And it brings us to the most crucial point: Is law constitutionally valid? Control can be exercised over an industry, or a proposed industry, by means of rules and regulations. However, control cannot signify a total prohibition or ban of an activity. The ordinary meaning of, and judicial interpretation of, the word control only signifies the power to regulate, and not the power to kill or damage or destroy the industry via complete prohibition. Bhasin says such a law is unconstitutional, and beyond the powers vested with the Union of India under the Constitution, especially when global scientific research data confirm that e-cigarettes are substantially less harmful by about 95% than conventional cigarettes. The UK House of Commons’ science and technology committee has observed that e-cigarettes “lack the tar and carbon monoxide of conventional cigarettes – the most dangerous components”.

The Indian government must understand that nicotine is not the main culprit in cigarettes. There are more than 7,000 chemicals in tobacco smoke and at least 250 are known to be harmful, including hydrogen cyanide, carbon monoxide and ammonia, which make cigarettes deadly. Public health experts worldwide emphasise the need to decouple nicotine from tobacco, with e-cigarettes playing a major role in doing so. It is time to take a relook.

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Disproportionate assets case: Delhi High Court stays Lokpal proceedings initiated against Jharkhand Mukti Morcha chief Shibu Soren

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Disproportionate assets case: Delhi High Court stays Lokpal proceedings initiated against Jharkhand Mukti Morcha chief Shibu Soren

On Monday, the Delhi High Court has stayed the proceedings initiated by Lokpal of India under the provisions of the Lokpal & Lokayuktas Act, 2013 against Jharkhand Mukti Morcha (JMM) Chief and Rajya Sabha MP Shibu Soren in connection with a disproportionate case of assets.

The bench comprising of Justice Yashwant Varma observed and has passed an order on Soren’s plea challenging the validity of the said proceedings, claiming that the same was ex facie bad in law and without jurisdiction.

In the present case, the proceedings were initiated by Lokpal of India pursuant to a complaint dated August 5, 2020 filed by BJP’s Nishikant Dubey. Therefore, it has been directed by the CBI to make a preliminary enquiry into the Complaint under section 20(1)(a) of the Lokpal and Lokayuktas Act, 2013. It was claimed by Soren that the said order was not served on him.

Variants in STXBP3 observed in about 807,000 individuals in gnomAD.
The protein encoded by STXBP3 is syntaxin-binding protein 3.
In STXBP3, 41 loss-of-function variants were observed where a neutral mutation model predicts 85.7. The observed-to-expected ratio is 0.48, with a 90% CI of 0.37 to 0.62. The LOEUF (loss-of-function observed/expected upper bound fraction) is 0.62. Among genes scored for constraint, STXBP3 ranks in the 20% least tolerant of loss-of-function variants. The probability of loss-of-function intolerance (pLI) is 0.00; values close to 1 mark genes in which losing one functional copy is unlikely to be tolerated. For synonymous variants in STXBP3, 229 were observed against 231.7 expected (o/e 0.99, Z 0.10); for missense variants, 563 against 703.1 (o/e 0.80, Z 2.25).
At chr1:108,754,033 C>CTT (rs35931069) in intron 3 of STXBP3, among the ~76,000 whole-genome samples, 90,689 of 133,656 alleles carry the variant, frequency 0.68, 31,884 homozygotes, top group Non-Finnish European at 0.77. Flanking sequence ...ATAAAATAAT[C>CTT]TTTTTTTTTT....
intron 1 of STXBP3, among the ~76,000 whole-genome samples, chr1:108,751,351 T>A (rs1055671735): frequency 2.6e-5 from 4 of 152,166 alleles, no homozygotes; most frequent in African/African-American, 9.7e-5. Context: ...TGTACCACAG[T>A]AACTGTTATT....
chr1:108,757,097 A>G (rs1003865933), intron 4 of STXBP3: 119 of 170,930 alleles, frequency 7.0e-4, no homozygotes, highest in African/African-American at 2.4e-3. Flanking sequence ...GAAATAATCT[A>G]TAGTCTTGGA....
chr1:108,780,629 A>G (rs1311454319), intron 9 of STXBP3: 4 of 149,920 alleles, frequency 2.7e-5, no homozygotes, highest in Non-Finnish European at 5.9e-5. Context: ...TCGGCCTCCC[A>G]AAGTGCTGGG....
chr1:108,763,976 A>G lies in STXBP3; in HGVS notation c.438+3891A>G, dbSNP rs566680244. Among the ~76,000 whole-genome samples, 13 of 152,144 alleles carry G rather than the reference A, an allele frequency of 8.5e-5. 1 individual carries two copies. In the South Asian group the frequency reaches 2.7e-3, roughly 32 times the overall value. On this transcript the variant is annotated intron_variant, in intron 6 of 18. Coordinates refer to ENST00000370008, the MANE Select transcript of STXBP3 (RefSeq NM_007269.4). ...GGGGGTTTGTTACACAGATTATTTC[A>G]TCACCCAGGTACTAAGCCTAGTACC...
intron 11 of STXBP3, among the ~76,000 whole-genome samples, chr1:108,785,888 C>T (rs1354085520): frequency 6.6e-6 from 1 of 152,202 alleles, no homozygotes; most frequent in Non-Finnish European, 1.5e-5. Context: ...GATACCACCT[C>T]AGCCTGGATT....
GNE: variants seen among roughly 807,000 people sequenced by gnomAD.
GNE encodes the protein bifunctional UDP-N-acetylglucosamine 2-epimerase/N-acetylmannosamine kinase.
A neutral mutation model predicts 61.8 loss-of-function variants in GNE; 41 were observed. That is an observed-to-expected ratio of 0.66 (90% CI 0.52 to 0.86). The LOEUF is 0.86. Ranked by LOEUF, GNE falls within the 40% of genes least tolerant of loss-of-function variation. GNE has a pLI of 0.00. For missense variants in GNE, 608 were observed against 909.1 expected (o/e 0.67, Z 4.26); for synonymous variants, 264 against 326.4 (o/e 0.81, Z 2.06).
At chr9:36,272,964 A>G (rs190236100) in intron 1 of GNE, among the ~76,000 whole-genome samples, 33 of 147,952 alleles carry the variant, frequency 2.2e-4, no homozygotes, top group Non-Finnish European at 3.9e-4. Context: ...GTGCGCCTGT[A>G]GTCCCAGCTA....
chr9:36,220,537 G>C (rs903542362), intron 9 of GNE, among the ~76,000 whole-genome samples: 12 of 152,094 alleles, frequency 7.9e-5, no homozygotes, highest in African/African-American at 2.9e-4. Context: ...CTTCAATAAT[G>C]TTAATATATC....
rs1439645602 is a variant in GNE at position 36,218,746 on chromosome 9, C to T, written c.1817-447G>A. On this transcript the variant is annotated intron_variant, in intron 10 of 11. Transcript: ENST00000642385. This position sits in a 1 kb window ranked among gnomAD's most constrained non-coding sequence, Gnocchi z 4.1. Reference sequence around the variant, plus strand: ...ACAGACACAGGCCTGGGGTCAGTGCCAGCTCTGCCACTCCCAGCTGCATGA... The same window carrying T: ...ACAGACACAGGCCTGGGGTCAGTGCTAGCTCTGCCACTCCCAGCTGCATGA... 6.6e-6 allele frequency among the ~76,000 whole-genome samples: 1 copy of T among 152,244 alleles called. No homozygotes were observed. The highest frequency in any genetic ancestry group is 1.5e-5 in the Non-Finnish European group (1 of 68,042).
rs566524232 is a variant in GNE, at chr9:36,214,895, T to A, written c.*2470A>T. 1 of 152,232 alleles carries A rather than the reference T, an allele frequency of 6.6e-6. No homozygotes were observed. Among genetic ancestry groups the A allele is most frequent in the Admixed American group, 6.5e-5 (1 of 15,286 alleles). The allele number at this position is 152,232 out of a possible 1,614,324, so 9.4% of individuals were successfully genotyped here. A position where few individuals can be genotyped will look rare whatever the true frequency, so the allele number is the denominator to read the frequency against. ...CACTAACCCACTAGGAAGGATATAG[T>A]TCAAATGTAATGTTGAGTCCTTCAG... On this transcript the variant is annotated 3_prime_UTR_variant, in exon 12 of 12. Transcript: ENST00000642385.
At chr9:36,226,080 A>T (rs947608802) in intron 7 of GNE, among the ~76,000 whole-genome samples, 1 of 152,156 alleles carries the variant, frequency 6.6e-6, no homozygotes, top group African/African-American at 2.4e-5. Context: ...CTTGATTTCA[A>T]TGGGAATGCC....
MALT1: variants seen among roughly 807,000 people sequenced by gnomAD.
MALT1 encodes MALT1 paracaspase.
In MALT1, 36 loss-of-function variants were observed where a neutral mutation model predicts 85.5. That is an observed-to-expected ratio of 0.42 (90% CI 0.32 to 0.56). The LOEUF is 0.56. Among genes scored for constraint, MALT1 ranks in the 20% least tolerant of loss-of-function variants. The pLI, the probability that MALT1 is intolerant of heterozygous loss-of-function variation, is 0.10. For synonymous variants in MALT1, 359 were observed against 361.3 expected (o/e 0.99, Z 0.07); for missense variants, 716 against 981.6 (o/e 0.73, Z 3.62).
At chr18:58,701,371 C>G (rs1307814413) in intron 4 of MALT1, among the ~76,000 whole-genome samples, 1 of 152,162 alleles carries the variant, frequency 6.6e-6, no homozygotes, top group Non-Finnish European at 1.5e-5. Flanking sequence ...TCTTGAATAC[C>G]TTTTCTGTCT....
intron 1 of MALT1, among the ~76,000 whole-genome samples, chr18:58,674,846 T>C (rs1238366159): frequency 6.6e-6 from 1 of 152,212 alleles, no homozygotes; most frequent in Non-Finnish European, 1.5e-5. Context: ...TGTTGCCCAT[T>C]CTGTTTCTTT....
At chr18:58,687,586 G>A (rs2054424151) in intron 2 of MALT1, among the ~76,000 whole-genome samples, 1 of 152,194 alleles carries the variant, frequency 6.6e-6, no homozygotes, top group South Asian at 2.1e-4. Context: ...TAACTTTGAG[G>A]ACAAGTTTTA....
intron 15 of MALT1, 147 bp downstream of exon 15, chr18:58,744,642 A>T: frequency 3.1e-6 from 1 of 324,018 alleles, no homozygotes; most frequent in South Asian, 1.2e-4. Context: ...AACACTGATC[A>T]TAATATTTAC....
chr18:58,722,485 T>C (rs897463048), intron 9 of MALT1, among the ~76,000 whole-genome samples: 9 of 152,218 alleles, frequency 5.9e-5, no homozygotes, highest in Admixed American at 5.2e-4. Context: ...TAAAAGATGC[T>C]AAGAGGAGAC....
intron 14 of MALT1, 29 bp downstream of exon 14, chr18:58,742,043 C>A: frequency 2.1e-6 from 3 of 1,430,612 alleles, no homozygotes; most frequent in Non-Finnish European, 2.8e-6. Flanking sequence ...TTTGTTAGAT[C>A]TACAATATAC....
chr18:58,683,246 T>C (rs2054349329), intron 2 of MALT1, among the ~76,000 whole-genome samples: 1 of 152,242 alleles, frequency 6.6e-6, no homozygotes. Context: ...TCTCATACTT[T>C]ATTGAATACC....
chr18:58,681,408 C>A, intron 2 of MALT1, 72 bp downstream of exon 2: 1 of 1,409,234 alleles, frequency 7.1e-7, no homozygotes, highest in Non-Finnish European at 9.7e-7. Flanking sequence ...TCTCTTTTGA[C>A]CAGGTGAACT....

While claiming the complaint was false, frivolous and vexatious, Soren in his plea submitted that according to section 53 of the Act and there is a statutory bar against the Lokpal of India assuming jurisdiction to investigate or inquire into any Complaint made after the expiry of seven years from the offence alleged.

The plea reads that the initiation of the proceedings under the Complaint, or at the very least, continuation thereof, once it has been demonstrated by the preliminary inquiry that it pertains to alleged acquisitions prior to the 7-year period and is clearly barred by statute, without jurisdiction and the same is liable to be quashed.

Further, the petition filled submits that the maximum period of 180 days for completion of preliminary enquiry from the date of Complaint expired on February 1, 2021. In this backdrop, it has been stated that by this time, only on July 1, 2021, the comments were sought from Soren which is beyond the prescribed statutory period.

The plea adds that the final preliminary enquiry report was submitted by the CBI on 29.06.2022, about a year and a half after expiry of the 180- day period. Such purported report is void and null and non-est in the eyes of law and cannot be received or considered by the Respondent No.1.

Thus, the court took note of the order passed by Lokpal of India dated August 4, 2022 directing that proceedings under section 20(3) of the Lokpal Act be initiated to determine whether a prima facie case existed to be proceeded against Soren. It is Soren’s case that the order was passed without considering the preliminary objection on jurisdiction being raised by him.

In the said order, the court noted that all the Lokpal of India recorded was that the comments received from the petitioner were forwarded to CBI so as to examine and submit an enquiry report.

It was ordered by the court that the challenge to assumption of jurisdiction by respondent no. 1 (the Lokpal of India) has neither been answered and nor dealt with. Matters require consideration. Subsequently, there will be a stay of proceedings pending before the Lokayukta.

Accordingly, the court will now hear the matter on 14 December.

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DELHI HC SETS ASIDE MURDER CONVICTION & LIFE SENTENCE OF MAN WHO WAS UNPRESENTED BY LAWYER; REMANDS CASTE BACK TO TRIAL COURT

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DELHI HC SETS ASIDE MURDER CONVICTION & LIFE SENTENCE OF MAN WHO WAS UNPRESENTED BY LAWYER; REMANDS CASTE BACK TO TRIAL COURT

The Delhi High Court in the case Narender @ Lala v. State Of NCT Of Delhi observed and has set aside the orders of conviction for murder and sentence of life imprisonment awarded to a man in 2018 who was unrepresented by a lawyer before the Trial Court. Thus, the Delhi High Court has remanded the case back to the Trial Court for cross examination of certain prosecution witnesses.

The division bench comprising of Justice Mukta Gupta and Justice Anish Dayal observed and was of the view that there had been a grave miscarriage of justice to the man as when number of witnesses were examined, he was not represented by a counsel and that the legal aid counsel, who was present before Trial Court and was appointed on the same day and asked to cross- examine the witnesses on the same day.

On March, 2018, Narender was convicted for offence of murder punishable under section 302 of Indian Penal Code, 1860. On 4th May, 2018, he was sentenced by the Trial Court for life imprisonment and also to pay a fine of Rs. 10,000.